Firstly, I’m not a physicist or cosmologist.  I enjoy reading about physics and cosmology because I’m interested in the implications for technology and because I want to be able to spot when stupid philosophers and fiction writers make huge, unfounded claims based on small scientific oddities.  One thing that my very casual study of cosmology has taught me is that common sense is not reliable.

I remember sitting around a campfire with my brother and grandfather talking about the expansion of the universe.  Of course only now do I understand why it is that theories of the universe are done with experimental physics and not guys sitting around campfires.  We were talking about the redshift that Edwin Hubble discovered in the 1920s establishing the expansion of the universe.  (If you don’t know about the red shift, google it.  It’s fascinating.) The conversation that followed went something like this:

Grandfather: So when we look out into the universe we see that all the galaxies are flying away from us?

Brother: Yes.

Grandfather: Does that mean that we’re in the middle?

Brother: No.

Grandfather: Why not?

Brother: …I don’t know.

I pondered this question for weeks!  Where is the middle?  If we’re not in it then wouldn’t the galaxies on our side of the middle all be flying away from that middle in the same direction?  It took Lawrence Krauss’ video lecture called “The Universe From Nothing”  to explain to me exactly why we’re in the middle.  When it was explained I almost fell off my chair with the surprise of how obvious it is.t16_expansion_dotsThe trick is to get outside the universe.  Imagine the universe as a two dimensional object.  If all the galaxies were in a grid and spaced apart equally. (A) Then imagine that the grid expands so that the space between each galaxy is larger but still equal. (B) From universe has indeed expanded around a center point.  But from the perspective of any one galaxy, all the other galaxies are farther away.  You can see this by superimposing the expanded universe onto the original and aligning any galaxy with itself.  (C,D)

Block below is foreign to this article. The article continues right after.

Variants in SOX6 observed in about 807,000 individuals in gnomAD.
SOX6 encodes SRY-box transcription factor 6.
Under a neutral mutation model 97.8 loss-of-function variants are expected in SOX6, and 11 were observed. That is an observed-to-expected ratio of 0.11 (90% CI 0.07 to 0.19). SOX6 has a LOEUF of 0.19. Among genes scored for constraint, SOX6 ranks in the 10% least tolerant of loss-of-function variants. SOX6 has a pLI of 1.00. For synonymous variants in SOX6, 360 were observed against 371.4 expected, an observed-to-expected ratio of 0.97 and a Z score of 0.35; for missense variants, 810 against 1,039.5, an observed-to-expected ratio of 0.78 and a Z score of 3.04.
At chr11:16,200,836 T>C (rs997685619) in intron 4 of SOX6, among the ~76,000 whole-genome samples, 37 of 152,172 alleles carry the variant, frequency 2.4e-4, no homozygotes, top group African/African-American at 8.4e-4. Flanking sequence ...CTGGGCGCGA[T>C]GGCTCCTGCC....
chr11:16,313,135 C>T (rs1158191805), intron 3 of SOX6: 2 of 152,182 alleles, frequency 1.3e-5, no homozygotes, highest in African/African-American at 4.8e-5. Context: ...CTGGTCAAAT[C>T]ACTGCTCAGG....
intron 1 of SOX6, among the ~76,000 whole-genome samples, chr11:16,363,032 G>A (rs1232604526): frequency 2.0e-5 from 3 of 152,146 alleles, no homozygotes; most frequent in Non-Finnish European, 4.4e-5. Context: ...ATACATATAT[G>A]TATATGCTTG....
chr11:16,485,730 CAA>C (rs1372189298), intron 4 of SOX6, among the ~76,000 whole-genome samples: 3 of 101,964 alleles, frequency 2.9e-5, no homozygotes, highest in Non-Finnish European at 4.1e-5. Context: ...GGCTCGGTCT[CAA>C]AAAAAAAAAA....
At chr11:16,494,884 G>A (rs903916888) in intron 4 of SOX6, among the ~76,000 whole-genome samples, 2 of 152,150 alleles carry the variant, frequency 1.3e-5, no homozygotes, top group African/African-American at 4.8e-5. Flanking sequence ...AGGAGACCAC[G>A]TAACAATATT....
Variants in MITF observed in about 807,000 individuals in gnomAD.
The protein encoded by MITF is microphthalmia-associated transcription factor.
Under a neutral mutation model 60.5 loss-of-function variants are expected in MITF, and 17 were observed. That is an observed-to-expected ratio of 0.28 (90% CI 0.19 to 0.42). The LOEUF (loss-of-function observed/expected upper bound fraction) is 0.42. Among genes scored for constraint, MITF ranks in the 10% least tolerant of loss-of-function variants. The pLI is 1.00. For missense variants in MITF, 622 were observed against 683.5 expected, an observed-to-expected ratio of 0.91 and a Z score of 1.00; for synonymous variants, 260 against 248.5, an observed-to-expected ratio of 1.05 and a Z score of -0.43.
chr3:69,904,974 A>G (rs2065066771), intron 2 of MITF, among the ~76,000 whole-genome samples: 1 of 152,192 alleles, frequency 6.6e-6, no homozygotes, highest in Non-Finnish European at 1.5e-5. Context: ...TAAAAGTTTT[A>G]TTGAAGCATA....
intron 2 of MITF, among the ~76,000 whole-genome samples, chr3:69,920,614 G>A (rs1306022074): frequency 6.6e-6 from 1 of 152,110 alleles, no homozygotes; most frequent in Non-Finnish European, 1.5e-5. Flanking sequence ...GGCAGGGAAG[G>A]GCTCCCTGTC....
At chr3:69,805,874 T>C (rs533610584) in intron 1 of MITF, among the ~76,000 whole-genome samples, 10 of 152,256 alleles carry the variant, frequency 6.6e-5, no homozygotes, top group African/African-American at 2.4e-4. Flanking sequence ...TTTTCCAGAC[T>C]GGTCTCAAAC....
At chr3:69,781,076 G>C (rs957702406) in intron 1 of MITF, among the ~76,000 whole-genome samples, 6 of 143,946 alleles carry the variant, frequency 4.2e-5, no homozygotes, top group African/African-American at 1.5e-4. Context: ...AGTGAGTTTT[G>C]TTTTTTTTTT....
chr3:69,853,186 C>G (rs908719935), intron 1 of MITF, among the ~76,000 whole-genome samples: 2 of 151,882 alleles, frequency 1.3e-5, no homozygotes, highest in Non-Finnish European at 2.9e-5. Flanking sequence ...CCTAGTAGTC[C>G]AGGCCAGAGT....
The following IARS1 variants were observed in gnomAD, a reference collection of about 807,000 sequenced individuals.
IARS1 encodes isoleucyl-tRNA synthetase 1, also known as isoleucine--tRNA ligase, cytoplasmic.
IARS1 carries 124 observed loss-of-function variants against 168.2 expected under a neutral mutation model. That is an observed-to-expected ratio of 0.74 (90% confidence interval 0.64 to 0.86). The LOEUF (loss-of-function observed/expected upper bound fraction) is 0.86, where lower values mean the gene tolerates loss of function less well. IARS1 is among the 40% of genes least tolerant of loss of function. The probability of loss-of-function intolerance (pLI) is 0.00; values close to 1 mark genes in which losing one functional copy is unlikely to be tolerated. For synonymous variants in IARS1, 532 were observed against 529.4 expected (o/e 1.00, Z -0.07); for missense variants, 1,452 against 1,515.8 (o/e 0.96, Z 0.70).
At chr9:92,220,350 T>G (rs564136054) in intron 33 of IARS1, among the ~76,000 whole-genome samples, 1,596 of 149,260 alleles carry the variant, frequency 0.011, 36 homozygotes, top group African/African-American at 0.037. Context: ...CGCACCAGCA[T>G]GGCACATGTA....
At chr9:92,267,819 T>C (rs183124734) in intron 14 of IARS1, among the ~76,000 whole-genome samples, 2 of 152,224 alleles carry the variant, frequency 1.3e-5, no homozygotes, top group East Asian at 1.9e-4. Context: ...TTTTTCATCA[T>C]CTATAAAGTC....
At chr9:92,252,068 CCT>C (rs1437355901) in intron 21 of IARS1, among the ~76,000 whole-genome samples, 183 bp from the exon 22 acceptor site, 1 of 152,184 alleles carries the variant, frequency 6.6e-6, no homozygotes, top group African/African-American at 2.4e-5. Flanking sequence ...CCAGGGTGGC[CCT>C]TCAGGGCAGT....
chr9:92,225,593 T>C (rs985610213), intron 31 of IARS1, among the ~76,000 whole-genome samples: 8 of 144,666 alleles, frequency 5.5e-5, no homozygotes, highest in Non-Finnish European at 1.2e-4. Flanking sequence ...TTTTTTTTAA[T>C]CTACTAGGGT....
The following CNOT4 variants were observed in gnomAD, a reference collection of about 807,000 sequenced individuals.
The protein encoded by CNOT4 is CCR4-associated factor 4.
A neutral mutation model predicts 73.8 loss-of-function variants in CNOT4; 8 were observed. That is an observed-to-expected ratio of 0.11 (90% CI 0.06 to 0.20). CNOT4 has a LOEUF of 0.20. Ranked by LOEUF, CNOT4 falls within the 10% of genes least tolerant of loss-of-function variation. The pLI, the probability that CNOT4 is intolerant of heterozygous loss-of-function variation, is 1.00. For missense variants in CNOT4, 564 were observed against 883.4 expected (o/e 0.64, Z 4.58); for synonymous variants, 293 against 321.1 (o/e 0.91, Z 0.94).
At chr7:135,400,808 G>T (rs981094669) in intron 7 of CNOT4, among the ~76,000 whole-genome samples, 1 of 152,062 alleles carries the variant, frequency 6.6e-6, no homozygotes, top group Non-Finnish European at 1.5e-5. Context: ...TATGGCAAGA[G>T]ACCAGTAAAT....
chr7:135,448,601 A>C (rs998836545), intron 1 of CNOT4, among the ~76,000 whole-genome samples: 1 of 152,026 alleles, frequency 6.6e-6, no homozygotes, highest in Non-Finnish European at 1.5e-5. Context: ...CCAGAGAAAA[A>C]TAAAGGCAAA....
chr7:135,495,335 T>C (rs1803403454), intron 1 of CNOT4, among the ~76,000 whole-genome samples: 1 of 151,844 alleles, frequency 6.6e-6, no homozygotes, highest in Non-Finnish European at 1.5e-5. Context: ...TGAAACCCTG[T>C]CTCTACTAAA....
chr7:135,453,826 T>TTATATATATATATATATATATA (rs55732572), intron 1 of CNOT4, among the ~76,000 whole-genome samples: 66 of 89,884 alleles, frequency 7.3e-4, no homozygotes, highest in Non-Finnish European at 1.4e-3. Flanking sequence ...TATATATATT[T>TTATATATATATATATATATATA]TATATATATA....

The common sense answer, that we’re in the middle, is the same common sense that told astronomers that the earth was the center of the solar-system.  It’s the bias of being the observer.  If you’re looking at something big, wherever you’re standing looks like the middle.  The mindset is even manifest in our language: when someone is lost at sea they are “in the middle of the ocean.”

You are in fact not in the middle of anything at all.  The universe is a humbling place.  Most importantly, common sense is not a pathway to truth.  It serves for everyday things but, for any question worth talking about, you have to leave your common sense at the door.

Some people say that common sense isn’t too common; I say it doesn’t make much sense.